There were countless other times in which the community reached out and helped, mostly when Jenny Martinez was down with illness. The constable came by often and checked on the kids when Mrs. Martinez was hospitalized. So did the school nurse. Claude McKnight, the drug store owner and pharmacist did too. Art Rohde also helped out but Mary Ellen’s memory of him was a bit dim.

Even the school teachers did little things to make the Martinez kids feel special. Each year on the last day before the Christmas break, one of the teachers would let Mary Ellen or her siblings take home the Christmas tree that had adorned the classroom, otherwise the family would have done without one.

“Walter White was our school principal. He was wonderful. He was so sweet. He always made sure that my brothers and sister and I were taken care of and guided us to teachers that he thought would be good for us.”

She recalled that Mr. White thought the world of her oldest brother, who was a terrific baseball player. Another brother two years older was a great student.

Mary Ellen’s mother was wise and told the children “that education was going to be our way out of poverty. She said education is next to godliness. First you love God and he’ll help you through your education.”

Mary Ellen developed a knack for spelling and math, encouraged by her third grade teacher, a Mrs. Corson. Mary Ellen expressed to me that she wished that she could have gotten in touch with the teacher “to let her know what a difference her encouragement meant to me. It was in the third grade that she told me, ‘Mary Ellen, you have a good mind and anything you put in your mind that you want to do and be, you can do it. With God’s help you can do it.’”

Mr. Graham brought U.S. History to life, she recalls, that it was “like it was in front of your eyes.” She was so inspired that she would take her history book and a flashlight to bed to read under the covers after lights were out. Mary Ellen got A-plusses in the subject.

The struggling family was helped in ways that seemed to multiply. A neighbor (believed to be an Ashford) gave her little brother Ruben a calf. By the time the war came along, the cow had given lots of milk.

“We would share that milk with all of our neighbors. We’d let the cream come up to the top and make butter. Butter was rationed at that time. It was a real wonderful thing to have milk with cream so we could have butter.”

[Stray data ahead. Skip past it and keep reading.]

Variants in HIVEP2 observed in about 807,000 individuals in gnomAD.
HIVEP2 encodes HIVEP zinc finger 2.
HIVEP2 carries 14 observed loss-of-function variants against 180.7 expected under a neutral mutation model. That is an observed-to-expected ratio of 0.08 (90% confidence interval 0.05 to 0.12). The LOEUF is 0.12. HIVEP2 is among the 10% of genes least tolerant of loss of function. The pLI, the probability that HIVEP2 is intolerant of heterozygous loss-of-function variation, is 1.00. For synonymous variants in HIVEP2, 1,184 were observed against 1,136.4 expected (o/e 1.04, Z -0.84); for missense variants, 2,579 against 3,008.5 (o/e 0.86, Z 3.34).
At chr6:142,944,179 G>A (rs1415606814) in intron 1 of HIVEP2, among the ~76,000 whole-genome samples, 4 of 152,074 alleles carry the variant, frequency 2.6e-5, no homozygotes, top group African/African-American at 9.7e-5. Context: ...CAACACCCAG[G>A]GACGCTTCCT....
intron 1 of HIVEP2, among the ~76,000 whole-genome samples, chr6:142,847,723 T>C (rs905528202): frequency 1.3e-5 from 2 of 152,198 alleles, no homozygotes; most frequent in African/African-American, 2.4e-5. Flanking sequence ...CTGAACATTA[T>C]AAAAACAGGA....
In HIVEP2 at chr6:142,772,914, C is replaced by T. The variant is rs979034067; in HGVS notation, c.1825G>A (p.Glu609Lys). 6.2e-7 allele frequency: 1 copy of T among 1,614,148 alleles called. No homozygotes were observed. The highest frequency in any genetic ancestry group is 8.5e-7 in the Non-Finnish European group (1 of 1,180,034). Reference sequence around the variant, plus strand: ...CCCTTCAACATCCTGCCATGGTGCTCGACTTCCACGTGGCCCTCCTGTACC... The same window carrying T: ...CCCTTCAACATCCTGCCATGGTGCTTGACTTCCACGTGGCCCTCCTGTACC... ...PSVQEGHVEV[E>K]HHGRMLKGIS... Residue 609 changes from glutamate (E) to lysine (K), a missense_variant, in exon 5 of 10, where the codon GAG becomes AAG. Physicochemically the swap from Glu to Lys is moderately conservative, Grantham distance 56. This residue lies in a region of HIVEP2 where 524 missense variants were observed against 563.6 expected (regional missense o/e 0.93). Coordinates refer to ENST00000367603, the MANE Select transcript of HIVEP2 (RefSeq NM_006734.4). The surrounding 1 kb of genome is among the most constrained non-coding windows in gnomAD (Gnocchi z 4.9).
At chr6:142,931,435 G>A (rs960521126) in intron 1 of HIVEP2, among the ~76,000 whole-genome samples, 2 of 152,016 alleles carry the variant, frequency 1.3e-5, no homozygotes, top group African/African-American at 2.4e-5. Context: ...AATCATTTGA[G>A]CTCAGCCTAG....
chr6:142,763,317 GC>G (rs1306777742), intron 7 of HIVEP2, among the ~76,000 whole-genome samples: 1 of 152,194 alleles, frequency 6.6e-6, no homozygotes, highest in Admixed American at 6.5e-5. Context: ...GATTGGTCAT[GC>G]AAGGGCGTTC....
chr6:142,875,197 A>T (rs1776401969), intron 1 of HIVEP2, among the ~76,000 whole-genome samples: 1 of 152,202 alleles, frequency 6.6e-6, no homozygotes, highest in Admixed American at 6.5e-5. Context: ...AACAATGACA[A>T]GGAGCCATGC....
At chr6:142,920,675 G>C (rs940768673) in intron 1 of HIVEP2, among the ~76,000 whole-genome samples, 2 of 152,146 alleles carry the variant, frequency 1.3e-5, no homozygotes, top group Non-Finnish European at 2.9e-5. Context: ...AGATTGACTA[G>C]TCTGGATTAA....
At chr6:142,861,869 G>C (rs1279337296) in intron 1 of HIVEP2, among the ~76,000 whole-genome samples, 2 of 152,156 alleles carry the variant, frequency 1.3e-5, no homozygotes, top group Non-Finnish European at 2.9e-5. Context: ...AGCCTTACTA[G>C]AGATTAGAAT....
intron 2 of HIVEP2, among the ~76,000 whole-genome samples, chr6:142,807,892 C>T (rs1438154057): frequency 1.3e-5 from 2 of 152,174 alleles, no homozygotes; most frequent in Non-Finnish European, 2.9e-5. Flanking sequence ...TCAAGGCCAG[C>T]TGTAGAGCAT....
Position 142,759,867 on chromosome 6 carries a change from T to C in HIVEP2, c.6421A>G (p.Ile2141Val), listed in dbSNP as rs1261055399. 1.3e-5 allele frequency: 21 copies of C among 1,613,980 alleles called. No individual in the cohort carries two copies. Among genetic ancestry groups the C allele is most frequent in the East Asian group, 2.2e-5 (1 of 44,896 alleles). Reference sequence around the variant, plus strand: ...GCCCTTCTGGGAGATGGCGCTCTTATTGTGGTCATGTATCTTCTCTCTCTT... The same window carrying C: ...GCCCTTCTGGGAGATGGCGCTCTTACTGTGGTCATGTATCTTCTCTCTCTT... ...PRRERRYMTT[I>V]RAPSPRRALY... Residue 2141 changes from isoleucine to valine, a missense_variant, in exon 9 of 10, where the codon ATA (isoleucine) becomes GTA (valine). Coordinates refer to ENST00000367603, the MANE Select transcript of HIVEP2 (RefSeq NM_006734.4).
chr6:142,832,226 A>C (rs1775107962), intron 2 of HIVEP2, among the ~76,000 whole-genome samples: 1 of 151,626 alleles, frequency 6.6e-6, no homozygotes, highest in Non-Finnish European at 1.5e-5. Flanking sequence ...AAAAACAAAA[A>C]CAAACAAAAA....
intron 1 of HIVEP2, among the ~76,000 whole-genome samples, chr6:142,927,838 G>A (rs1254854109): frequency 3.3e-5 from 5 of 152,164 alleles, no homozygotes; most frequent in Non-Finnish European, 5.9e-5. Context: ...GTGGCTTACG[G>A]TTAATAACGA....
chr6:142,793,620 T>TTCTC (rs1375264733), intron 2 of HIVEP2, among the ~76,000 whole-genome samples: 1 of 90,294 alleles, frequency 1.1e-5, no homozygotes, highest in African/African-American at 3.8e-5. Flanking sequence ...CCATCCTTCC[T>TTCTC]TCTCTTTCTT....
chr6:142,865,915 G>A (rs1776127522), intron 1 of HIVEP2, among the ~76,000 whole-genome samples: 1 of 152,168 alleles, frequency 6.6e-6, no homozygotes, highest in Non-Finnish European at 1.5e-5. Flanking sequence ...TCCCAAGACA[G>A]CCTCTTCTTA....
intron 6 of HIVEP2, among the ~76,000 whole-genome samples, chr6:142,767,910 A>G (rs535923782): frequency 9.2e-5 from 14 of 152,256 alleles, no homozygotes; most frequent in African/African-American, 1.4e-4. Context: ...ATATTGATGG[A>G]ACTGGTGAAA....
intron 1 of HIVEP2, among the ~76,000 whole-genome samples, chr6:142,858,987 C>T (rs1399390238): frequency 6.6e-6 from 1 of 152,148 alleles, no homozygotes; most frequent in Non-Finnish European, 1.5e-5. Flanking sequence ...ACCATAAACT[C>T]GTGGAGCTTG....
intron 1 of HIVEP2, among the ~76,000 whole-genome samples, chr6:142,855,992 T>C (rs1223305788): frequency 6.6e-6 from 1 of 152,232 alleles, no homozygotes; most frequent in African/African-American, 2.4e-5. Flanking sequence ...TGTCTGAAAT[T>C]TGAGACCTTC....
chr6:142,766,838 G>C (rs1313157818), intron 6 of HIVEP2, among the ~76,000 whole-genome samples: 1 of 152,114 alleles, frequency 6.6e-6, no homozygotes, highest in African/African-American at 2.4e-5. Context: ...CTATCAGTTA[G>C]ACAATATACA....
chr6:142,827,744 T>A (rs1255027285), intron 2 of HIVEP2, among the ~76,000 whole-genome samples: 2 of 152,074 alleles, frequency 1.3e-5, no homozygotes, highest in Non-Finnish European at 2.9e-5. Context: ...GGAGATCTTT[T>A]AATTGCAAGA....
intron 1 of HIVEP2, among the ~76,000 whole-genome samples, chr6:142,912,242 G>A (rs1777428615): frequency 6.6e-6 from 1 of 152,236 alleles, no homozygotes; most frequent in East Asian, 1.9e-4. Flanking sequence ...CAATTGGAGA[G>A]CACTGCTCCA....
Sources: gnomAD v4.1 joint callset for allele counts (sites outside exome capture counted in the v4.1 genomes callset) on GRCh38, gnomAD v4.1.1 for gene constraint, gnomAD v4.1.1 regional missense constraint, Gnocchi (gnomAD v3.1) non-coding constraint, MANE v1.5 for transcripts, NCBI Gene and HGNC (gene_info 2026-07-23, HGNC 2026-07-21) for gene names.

Any money the kids raised was helped mom with living expenses. Rabbits raised, slaughtered and cleaned by her younger brother were taken down to the grocery store where a Mr. Seasted would buy them. Ruben also washed pots and pans at the bakery.

Ceres provided other opportunities. During summer nights, movies were shown on an outdoor screen in the area near Lawrence and Fifth streets. Mary Ellen recalls how residents would come out with blankets or stools.

“The only movies my mom let me see was if Shirley Temple was in it. We thought that was the most wonderful thing in the world to see a movie.”

Every Easter church-going Ceres turned out for the annual egg hunt at Whitmore Park. One year Mary Ellen squealed with delight when she found the coveted “golden egg.” The prize for finding it was a bunny-shaped glass container full of candies.

In those days, social life in Ceres was centered inside the walls of church. At First Baptist, Pastor Paul Jackson was a friend to all, someone looked up to by the entire community. His wife did nice things for Mary Ellen, such as make an eighth grade graduation dress of pink material.

Mary Ellen fondly remembered the Barrows family, and Mrs. Griggs, the grandmother of Cliff Barrows. Cliff Barrows, of course, became famous with the Billy Graham’s crusades. Cliff’s mother offered free violin lessons to Mary Ellen and Cliff’s grandmother gave free piano lessons at church after school. While she attended Ceres High School, Cliff Barrows directed the high school choir at First B. At the time he was attending Modesto Junior College.

“I sang under him until he went on to be with Billy Graham.”